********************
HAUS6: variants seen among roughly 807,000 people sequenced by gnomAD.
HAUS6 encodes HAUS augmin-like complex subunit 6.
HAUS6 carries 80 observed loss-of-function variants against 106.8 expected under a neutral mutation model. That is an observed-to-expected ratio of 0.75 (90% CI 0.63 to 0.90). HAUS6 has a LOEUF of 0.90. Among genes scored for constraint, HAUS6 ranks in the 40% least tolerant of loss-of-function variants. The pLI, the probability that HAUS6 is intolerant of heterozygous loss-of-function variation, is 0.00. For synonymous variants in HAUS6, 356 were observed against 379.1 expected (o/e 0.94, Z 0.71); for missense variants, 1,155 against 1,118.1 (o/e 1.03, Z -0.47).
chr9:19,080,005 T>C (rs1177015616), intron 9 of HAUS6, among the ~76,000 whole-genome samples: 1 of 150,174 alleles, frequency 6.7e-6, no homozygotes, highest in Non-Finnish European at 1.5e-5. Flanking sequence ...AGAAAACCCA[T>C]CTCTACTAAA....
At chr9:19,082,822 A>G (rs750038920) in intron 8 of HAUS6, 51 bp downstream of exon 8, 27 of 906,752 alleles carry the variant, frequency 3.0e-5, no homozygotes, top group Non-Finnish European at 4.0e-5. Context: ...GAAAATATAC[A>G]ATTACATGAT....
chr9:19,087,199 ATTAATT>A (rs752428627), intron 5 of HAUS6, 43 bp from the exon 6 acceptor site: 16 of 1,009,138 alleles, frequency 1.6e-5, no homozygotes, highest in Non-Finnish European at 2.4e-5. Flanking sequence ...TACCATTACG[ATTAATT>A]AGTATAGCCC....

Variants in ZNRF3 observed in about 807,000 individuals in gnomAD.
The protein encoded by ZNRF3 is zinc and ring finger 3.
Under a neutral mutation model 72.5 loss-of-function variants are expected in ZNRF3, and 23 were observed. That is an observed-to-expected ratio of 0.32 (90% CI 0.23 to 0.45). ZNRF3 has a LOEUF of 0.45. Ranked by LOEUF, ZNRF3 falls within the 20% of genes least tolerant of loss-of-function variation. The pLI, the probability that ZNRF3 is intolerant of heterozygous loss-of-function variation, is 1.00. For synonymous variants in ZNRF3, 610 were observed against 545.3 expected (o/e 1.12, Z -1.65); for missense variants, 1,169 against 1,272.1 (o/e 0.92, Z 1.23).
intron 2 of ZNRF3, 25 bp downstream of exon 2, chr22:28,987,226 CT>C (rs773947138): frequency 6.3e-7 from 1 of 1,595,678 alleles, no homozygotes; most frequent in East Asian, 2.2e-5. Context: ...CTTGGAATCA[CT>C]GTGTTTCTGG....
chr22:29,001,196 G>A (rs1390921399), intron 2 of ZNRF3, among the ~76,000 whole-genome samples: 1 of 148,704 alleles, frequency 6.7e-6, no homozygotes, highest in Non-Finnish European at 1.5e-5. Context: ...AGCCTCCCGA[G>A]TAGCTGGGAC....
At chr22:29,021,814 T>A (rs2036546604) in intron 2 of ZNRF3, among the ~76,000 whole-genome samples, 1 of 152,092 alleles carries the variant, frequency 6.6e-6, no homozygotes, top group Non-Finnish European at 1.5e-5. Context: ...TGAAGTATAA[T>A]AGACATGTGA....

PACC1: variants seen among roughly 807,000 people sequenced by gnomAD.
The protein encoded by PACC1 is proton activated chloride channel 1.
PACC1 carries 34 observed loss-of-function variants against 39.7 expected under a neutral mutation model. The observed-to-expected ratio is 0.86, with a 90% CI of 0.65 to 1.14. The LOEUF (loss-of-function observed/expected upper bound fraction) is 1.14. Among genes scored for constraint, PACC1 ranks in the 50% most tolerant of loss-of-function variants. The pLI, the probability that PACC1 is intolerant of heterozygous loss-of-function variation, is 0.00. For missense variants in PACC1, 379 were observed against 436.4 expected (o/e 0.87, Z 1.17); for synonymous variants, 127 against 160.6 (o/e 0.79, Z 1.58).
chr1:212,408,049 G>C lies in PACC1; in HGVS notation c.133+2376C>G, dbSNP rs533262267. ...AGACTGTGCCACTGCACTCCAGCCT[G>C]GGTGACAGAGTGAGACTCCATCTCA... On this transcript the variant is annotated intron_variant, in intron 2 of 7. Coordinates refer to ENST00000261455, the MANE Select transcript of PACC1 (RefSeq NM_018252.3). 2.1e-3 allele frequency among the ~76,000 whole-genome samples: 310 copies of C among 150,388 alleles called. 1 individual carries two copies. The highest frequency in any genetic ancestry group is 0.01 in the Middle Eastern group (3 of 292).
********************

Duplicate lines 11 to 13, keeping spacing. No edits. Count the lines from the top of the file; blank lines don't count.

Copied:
chr22:29,001,196 G>A (rs1390921399), intron 2 of ZNRF3, among the ~76,000 whole-genome samples: 1 of 148,704 alleles, frequency 6.7e-6, no homozygotes, highest in Non-Finnish European at 1.5e-5. Context: ...AGCCTCCCGA[G>A]TAGCTGGGAC....
At chr22:29,021,814 T>A (rs2036546604) in intron 2 of ZNRF3, among the ~76,000 whole-genome samples, 1 of 152,092 alleles carries the variant, frequency 6.6e-6, no homozygotes, top group Non-Finnish European at 1.5e-5. Context: ...TGAAGTATAA[T>A]AGACATGTGA....

PACC1: variants seen among roughly 807,000 people sequenced by gnomAD.